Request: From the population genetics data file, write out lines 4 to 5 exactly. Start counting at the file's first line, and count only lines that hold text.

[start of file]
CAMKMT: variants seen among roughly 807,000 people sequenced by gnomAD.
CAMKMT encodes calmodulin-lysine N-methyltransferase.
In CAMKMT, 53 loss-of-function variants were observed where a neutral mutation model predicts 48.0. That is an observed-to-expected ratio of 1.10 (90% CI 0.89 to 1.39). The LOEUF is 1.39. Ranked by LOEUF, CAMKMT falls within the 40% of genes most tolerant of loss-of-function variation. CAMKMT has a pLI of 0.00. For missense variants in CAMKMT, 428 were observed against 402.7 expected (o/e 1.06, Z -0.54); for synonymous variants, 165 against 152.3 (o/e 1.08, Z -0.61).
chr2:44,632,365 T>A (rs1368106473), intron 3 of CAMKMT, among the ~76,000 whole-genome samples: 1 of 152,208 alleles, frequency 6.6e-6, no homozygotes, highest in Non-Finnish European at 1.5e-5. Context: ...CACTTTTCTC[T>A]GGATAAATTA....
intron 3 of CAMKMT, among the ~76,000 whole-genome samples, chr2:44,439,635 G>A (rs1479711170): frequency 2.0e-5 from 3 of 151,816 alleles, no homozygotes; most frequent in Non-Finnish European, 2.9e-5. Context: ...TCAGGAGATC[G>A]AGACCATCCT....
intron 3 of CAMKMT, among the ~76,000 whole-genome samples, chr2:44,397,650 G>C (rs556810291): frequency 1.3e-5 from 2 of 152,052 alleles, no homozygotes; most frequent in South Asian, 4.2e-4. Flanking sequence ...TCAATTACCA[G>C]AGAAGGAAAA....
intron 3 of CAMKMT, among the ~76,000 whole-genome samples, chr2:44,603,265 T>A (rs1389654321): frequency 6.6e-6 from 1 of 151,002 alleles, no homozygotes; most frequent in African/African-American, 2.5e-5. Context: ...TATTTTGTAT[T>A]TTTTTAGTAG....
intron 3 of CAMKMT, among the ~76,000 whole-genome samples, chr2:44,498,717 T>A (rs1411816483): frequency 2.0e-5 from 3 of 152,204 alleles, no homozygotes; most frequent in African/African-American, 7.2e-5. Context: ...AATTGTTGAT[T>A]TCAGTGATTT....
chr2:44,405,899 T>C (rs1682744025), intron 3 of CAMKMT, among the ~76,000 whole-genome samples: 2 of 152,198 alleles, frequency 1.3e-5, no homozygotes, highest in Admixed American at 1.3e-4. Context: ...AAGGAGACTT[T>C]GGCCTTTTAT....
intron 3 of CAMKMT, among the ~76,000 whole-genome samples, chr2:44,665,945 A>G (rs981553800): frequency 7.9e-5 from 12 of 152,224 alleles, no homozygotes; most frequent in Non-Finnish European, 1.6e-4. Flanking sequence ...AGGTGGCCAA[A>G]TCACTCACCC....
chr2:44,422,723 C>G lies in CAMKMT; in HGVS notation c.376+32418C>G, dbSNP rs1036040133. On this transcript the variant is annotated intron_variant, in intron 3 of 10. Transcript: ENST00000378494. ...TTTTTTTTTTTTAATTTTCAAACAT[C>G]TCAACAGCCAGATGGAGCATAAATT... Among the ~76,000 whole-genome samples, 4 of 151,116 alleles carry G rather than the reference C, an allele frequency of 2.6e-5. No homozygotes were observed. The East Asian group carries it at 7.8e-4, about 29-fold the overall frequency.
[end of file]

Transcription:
chr2:44,632,365 T>A (rs1368106473), intron 3 of CAMKMT, among the ~76,000 whole-genome samples: 1 of 152,208 alleles, frequency 6.6e-6, no homozygotes, highest in Non-Finnish European at 1.5e-5. Context: ...CACTTTTCTC[T>A]GGATAAATTA....
intron 3 of CAMKMT, among the ~76,000 whole-genome samples, chr2:44,439,635 G>A (rs1479711170): frequency 2.0e-5 from 3 of 151,816 alleles, no homozygotes; most frequent in Non-Finnish European, 2.9e-5. Context: ...TCAGGAGATC[G>A]AGACCATCCT....